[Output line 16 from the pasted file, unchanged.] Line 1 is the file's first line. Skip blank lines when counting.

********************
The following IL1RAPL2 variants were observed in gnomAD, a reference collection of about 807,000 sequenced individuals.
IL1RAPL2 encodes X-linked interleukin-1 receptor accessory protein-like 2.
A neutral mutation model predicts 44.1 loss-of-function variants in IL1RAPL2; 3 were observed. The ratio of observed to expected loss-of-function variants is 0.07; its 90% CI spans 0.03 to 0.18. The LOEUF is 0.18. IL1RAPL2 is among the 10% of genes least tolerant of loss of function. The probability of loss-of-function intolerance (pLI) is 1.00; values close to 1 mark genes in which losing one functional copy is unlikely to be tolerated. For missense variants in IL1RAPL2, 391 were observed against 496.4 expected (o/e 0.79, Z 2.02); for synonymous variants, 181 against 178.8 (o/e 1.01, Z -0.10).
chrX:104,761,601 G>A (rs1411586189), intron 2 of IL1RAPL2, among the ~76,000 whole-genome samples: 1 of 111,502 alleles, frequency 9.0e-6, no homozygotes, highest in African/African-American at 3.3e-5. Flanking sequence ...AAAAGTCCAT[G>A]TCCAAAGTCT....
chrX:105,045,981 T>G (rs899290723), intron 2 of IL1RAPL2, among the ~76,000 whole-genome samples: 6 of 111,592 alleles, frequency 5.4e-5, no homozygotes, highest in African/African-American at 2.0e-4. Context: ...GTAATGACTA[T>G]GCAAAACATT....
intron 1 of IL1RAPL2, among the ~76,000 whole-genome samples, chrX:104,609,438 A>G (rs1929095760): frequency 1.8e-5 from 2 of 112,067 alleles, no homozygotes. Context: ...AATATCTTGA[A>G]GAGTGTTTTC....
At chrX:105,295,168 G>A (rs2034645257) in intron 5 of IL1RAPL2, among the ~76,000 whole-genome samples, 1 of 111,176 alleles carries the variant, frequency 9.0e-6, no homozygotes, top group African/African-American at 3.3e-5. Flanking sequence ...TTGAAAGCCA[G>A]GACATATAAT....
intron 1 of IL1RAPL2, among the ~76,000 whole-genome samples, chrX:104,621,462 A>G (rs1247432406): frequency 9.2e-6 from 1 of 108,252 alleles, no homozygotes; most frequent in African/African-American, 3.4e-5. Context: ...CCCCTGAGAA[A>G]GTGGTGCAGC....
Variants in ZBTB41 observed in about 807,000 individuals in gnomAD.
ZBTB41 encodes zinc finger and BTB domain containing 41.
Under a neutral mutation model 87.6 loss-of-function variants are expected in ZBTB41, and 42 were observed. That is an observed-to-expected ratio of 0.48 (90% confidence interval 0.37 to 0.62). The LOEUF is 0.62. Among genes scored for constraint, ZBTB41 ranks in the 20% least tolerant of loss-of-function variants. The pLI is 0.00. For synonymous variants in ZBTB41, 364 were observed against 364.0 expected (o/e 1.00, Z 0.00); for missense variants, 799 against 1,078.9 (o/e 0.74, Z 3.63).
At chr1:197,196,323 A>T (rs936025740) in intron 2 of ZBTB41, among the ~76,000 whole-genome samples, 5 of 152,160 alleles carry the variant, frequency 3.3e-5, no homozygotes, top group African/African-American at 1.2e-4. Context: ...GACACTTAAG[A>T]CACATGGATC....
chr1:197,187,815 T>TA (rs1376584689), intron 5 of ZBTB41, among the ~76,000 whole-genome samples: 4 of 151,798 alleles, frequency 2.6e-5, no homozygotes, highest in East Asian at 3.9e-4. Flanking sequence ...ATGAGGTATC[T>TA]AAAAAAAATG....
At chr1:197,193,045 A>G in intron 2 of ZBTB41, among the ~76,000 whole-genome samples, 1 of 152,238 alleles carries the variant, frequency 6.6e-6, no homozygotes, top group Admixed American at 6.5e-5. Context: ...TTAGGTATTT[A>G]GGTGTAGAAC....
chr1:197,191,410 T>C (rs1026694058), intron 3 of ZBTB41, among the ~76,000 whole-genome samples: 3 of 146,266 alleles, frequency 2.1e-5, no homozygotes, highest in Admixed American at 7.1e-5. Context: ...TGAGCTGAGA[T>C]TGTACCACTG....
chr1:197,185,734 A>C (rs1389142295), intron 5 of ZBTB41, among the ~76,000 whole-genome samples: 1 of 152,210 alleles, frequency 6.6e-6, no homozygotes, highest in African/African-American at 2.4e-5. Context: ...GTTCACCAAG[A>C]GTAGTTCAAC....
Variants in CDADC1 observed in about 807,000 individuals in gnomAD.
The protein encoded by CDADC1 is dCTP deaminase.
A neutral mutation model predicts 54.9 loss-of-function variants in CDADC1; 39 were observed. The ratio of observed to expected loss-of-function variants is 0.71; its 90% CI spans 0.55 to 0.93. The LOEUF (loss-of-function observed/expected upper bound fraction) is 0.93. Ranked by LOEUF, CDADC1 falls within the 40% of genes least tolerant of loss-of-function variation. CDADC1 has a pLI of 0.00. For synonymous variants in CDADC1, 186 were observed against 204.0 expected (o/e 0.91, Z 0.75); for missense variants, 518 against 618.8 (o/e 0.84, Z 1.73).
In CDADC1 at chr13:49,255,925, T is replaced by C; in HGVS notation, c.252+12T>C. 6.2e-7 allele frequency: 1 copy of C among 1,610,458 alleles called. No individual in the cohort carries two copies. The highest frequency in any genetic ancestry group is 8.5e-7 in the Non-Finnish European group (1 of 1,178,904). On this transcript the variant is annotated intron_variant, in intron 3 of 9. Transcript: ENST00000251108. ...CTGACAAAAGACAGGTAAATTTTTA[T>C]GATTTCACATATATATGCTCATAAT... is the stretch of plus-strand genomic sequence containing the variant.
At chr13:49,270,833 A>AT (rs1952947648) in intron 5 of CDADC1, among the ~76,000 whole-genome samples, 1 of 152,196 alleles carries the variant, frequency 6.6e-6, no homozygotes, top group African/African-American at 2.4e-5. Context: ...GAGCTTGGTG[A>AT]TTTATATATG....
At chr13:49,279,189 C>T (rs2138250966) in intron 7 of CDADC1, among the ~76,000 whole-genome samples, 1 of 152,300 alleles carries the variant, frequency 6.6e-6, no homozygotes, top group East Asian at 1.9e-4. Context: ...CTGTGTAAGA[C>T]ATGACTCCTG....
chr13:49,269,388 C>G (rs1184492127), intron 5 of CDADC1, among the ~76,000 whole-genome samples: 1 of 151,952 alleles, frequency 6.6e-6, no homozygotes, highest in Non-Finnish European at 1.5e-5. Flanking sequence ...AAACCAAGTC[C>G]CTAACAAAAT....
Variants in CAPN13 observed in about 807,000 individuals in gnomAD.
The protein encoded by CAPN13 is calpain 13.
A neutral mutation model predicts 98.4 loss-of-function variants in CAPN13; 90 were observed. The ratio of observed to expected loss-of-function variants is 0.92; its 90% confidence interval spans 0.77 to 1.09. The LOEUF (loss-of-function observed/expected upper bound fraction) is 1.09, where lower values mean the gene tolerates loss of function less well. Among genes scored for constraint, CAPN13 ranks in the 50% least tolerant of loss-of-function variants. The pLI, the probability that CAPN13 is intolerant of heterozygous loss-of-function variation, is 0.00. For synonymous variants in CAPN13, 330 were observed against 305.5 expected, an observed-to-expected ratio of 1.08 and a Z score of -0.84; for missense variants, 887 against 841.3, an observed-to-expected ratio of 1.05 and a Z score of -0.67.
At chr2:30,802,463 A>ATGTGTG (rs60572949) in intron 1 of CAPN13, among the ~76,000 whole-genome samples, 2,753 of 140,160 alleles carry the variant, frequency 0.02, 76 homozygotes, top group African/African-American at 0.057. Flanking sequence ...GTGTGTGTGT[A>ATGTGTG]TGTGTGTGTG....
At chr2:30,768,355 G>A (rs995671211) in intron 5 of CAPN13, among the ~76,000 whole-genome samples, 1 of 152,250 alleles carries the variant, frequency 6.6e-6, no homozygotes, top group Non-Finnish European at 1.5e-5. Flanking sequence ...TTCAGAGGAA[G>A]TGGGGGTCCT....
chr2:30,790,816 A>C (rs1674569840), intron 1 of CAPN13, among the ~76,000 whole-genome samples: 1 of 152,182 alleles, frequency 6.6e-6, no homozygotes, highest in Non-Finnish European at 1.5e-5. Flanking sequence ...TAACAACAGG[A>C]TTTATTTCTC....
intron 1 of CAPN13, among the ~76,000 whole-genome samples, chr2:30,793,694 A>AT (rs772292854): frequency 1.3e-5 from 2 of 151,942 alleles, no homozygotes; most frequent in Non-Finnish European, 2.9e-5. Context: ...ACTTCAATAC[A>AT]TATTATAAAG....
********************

chr1:197,185,734 A>C (rs1389142295), intron 5 of ZBTB41, among the ~76,000 whole-genome samples: 1 of 152,210 alleles, frequency 6.6e-6, no homozygotes, highest in African/African-American at 2.4e-5. Context: ...GTTCACCAAG[A>C]GTAGTTCAAC....